Improving 1-Year Outcomes of Infrainguinal Limb Revascularization
Population-Based Cohort Study of 104 000 Patients in England
This article requires a subscription to view the full text. If you have a subscription you may use the login form below to view the article. Access to this article can also be purchased.
Background: The availability and diversity of lower limb revascularization procedures have increased in England in the past decade. We investigated whether these developments in care have translated to improvements in patient pathways and outcomes.
Methods: Individual-patient records from Hospital Episode Statistics were used to identify 103 934 patients who underwent endovascular (angioplasty) or surgical (endarterectomy, profundaplasty, or bypass) lower limb revascularization for infrainguinal peripheral artery disease in England between January 2006 and December 2015. Major lower limb amputations and deaths within 1 year after revascularization were ascertained from Hospital Episode Statistics and Office for National Statistics mortality records. Competing risks regression was used to estimate the cumulative incidence of major amputation and death, adjusted for patient age, sex, comorbidity score, indication for the intervention (intermittent claudication, severe limb ischemia without record of tissue loss, severe limb ischemia with a record of ulceration, severe limb ischemia with a record of gangrene/osteomyelitis), and comorbid diabetes mellitus.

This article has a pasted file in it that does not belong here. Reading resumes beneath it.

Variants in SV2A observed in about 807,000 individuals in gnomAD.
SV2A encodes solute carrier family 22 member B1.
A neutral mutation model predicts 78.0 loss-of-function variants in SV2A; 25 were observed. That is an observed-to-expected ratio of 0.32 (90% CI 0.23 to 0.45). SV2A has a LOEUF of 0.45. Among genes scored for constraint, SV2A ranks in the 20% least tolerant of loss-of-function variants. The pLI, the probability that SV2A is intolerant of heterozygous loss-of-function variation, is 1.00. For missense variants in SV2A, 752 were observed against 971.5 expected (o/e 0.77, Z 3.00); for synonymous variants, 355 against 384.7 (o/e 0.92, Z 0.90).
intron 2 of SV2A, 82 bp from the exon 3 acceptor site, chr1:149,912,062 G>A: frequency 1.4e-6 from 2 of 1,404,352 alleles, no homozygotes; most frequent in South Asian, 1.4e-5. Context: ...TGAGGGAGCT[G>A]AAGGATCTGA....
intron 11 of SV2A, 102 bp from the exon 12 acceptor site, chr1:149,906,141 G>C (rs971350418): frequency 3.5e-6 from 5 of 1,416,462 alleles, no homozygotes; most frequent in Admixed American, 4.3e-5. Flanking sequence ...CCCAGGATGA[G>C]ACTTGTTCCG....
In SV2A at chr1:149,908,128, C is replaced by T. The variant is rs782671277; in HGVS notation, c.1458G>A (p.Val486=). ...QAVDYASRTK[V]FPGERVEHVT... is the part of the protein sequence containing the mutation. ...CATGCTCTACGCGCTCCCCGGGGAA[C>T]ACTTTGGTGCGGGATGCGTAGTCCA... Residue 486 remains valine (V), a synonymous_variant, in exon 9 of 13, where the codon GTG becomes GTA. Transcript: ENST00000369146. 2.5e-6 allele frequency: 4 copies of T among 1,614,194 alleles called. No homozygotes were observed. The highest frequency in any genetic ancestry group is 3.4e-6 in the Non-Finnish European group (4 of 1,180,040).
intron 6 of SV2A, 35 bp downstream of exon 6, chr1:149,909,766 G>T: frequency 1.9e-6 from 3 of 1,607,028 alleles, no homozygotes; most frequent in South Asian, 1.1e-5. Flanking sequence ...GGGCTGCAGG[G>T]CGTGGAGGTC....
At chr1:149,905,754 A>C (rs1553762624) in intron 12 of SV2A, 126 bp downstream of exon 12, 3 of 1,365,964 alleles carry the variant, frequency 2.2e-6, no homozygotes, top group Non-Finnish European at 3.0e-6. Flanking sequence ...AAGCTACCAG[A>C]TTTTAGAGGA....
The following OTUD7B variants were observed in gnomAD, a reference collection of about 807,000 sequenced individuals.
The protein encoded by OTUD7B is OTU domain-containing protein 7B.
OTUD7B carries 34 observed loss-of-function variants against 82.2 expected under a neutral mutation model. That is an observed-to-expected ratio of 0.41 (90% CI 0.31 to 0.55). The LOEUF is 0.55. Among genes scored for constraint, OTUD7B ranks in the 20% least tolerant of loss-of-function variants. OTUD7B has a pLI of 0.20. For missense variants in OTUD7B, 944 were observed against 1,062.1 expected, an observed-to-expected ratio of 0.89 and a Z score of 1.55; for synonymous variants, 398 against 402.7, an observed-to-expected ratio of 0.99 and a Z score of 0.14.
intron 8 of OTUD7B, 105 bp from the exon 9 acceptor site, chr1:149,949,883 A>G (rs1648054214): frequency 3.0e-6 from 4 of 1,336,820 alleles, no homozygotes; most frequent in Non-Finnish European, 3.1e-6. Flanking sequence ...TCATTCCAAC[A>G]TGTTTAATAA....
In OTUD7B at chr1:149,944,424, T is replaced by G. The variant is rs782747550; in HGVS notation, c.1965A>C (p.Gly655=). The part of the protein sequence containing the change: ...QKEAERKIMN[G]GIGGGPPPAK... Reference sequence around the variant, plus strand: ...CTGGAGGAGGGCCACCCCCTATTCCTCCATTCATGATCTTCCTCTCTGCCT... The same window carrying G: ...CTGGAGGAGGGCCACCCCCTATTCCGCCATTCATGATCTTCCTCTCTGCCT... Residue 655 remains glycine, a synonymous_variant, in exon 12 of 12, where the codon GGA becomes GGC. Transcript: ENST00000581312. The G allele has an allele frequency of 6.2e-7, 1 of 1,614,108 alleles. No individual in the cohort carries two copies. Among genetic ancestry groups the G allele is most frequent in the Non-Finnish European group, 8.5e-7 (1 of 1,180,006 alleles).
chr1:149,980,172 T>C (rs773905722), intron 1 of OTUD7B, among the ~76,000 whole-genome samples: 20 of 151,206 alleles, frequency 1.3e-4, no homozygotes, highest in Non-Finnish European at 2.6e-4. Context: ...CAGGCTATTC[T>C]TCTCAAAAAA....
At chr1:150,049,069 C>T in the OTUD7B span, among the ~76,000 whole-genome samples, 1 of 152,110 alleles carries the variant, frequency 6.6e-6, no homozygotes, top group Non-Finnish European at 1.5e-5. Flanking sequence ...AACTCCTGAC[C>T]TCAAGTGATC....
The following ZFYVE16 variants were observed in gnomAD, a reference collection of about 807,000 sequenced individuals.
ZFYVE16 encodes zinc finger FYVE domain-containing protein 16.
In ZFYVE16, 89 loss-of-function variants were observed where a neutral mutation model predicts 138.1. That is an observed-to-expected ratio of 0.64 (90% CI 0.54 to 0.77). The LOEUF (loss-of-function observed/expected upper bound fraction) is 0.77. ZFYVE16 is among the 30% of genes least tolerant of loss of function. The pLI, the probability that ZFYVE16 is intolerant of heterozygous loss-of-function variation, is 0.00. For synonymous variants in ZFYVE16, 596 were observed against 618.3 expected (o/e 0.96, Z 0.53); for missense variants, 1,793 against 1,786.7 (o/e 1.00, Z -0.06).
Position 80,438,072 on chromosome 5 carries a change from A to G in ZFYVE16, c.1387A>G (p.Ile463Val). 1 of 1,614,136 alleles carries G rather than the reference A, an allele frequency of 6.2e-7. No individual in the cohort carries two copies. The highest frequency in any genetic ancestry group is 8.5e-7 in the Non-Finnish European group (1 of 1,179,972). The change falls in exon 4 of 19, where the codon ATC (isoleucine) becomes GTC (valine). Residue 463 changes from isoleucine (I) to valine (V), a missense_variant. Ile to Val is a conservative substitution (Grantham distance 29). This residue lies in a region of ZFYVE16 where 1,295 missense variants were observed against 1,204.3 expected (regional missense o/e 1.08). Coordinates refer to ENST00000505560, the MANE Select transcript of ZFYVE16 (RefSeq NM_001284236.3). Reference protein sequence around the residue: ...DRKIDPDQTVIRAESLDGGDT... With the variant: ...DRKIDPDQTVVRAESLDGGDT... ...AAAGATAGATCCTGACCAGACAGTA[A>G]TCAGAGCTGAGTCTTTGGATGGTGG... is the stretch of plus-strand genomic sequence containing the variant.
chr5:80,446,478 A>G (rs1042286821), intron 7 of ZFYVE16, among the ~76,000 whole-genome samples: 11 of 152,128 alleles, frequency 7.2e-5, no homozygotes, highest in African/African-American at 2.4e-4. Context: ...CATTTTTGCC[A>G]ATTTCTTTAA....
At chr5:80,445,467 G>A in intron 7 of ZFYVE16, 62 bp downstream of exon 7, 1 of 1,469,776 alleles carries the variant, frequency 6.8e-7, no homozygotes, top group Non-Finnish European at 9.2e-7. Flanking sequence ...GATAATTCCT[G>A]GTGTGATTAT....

Results: The estimated 1-year risk of major amputation decreased from 5.7% (in 2006–2007) to 3.9% (in 2014–2015) following endovascular revascularization, and from 11.2% (2006–2007) to 6.6% (2014–2015) following surgical procedures. The risk of death after both types of revascularization also decreased. These trends were observed for all indication categories, with the largest reductions found in patients with severe limb ischemia with ulceration or gangrene. Overall, morbidity increased over the study period, and a larger proportion of patients was treated for the severe end of the peripheral artery disease spectrum using less invasive procedures.
Conclusions: Our findings show that from 2006 to 2015, the overall survival increased and the risk of major lower limb amputation decreased following revascularization. These observations suggest that patient outcomes after lower limb revascularization have improved during a period of centralization and specialization of vascular services in the United Kingdom.
- endovascular procedures
- myocardial revascularization
- peripheral arterial disease
- surgical procedures, operative
- Received June 5, 2017.
- Accepted December 11, 2017.
- © 2018 American Heart Association, Inc.